all and singular Ports, Harbours, dants who commissioned colonial 

Bays, Rivers, Isles, and Islets belong- officials and authorized the governor 

ing Into the Country aforesaid; And and his council to grant lands in the 

also, all the Soil, Lands, Fields, name of the Lords Proprietors. In 

Woods, Mountains, Farms, Lakes, 1669, John Locke wrote the 

Rivers, Bays, and Islets situate or Fundamental Constitutions as a 

being within the Bounds or Limits model for the government of 

aforesaid; with the Fishing of all Carolina. Albemarle County was 

sorts of Fish, Whales, Sturgeons, and divided into local governmental units 

all other Royal Fishes in the Sea, called precincts. Initially there were 

Bays, Islets, and Rivers within the three precincts — Berkley, Carteret, 

premises, and the Fish therein taken; and Shaftesbury - but as the colony 

North Carolina Almanac 

- 'P^'>:::^'^.'^=^m0^.,,fg^ 

4 North Carolina Manual 

expanded to the south and west, new by either the Lords Proprietors prior 
precincts were created. By 1729, to 1729, or by the crown afterwards, 
there were a total of eleven Members of the colonial assembly 
precincts — six in Albemarle County were elected from the various 
and five in Bath County which had precincts (counties) and from certain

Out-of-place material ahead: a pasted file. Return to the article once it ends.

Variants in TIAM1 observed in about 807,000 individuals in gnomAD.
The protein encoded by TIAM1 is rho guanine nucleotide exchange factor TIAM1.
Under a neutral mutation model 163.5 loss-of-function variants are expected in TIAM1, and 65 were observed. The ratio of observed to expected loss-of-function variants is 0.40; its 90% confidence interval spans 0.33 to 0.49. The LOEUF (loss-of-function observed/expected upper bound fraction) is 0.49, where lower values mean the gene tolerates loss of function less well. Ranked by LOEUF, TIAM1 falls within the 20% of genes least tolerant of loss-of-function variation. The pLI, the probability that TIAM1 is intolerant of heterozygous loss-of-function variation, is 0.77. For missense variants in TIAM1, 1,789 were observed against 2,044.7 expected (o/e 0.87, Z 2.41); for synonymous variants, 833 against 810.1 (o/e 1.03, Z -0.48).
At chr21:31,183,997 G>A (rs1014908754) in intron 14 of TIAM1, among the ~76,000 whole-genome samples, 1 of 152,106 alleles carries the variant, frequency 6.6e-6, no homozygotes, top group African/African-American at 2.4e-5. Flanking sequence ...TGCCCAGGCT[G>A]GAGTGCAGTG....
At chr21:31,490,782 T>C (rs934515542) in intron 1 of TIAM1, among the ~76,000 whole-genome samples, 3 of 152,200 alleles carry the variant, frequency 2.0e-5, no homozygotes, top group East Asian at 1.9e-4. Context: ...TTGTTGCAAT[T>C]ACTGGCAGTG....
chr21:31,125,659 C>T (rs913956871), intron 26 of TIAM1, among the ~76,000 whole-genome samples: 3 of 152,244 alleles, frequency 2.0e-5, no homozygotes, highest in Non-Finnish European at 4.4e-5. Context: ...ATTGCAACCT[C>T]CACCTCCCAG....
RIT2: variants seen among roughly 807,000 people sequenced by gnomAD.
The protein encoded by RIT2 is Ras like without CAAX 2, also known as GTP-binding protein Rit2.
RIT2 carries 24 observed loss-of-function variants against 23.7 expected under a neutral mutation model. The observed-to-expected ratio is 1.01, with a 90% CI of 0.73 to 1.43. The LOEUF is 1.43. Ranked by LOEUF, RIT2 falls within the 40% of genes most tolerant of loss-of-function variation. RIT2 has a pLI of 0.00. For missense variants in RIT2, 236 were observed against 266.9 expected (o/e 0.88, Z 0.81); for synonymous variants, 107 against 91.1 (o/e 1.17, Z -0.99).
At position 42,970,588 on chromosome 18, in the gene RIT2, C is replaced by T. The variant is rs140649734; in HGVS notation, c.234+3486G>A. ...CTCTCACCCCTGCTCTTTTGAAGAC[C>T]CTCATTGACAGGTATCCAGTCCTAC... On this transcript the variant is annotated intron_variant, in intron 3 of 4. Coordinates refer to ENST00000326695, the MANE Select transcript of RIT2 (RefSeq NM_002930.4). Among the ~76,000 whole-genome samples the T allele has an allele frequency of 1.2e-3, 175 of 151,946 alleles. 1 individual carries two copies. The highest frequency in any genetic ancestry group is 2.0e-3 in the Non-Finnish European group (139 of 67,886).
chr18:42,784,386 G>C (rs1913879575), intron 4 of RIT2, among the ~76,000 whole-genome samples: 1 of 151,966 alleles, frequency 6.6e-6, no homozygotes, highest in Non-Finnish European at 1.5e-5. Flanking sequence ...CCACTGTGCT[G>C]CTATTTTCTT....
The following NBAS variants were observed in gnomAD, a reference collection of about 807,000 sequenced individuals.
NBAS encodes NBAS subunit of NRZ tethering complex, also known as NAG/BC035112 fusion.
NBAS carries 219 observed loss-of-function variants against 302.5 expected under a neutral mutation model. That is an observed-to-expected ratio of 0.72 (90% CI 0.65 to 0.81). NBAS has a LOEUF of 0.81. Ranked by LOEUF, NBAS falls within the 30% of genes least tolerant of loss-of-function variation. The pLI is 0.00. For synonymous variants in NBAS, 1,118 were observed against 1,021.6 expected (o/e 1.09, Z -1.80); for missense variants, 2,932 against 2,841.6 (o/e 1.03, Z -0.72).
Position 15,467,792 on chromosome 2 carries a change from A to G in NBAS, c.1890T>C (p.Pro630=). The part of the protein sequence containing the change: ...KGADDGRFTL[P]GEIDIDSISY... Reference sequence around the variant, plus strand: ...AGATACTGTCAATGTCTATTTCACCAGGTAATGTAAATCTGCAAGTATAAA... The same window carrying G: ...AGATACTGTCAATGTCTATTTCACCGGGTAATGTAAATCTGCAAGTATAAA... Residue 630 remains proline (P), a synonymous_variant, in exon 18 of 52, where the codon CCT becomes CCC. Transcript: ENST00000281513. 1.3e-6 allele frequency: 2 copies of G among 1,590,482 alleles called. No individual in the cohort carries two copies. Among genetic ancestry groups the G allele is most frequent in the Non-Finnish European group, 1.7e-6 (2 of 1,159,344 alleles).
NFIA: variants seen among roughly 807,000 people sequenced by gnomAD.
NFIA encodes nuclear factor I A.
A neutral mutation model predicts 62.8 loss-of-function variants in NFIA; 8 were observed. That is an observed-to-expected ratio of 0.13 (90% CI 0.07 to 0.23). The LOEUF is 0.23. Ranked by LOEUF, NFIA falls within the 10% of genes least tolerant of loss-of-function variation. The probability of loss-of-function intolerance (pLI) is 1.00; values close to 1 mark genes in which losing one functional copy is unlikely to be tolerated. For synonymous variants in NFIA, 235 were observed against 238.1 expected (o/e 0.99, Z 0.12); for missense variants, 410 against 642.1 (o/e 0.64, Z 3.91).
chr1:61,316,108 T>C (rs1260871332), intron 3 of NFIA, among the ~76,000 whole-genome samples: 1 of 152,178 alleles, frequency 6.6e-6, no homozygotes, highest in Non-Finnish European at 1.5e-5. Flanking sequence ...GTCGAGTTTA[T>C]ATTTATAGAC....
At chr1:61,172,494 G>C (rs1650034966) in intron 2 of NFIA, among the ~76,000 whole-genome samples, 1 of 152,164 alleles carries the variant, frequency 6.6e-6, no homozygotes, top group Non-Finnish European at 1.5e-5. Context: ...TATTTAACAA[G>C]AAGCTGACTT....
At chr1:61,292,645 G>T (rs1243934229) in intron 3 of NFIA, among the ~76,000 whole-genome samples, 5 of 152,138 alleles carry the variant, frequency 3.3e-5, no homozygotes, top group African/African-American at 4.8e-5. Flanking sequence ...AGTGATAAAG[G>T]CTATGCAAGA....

been created in 1696. Although the towns which had been granted repre- 
Albemarle Region was the first per- sentation. The term "precinct" as a 
manent settlement in the Carolina geographical unit ceased to exist 
Area, another region was developed after 1735. These areas became 
around present-day Charleston, known as "counties" and about the 
South Carolina. Because of the nat- same time "Albemarle County" and 
ural harbor and easier access to "Bath County" ceased to exist as gov- 
trade with the West Indies, more ernmental units, 
attention was given to developing the The governor was an appointed 
Charleston area than her northern official, as were the colonial secre- 
counterparts. For a twenty-year tary, attorney general, surveyor gen- 
period, 1692-1712, the colonies of eral, and the receiver general. All 
North and South Carolina existed as officials served at the pleasure of the 
one unit of government. Although Lords Proprietors or the crown. 
North Carolina still had her own During the proprietary period, the 
assembly and council, the governor council was comprised of appointed 
of Carolina resided in Charleston persons who were to look after the 
and a deputy governor was appoint- proprietors' interests in the new 
ed for North Carolina. world. The council served as an advi- 

In 1729, seven of the Lords sory group to the governor during 
Proprietors sold their interest in the proprietary and royal periods, as 
North Carolina to the Crown and well as serving as the upper house of 
North Carolina became a royal the legislature when the assembly 
colony. The eighth proprietor. Lord was in session. When vacancies 
Granville, retained economic interest occurred in colonial offices or on the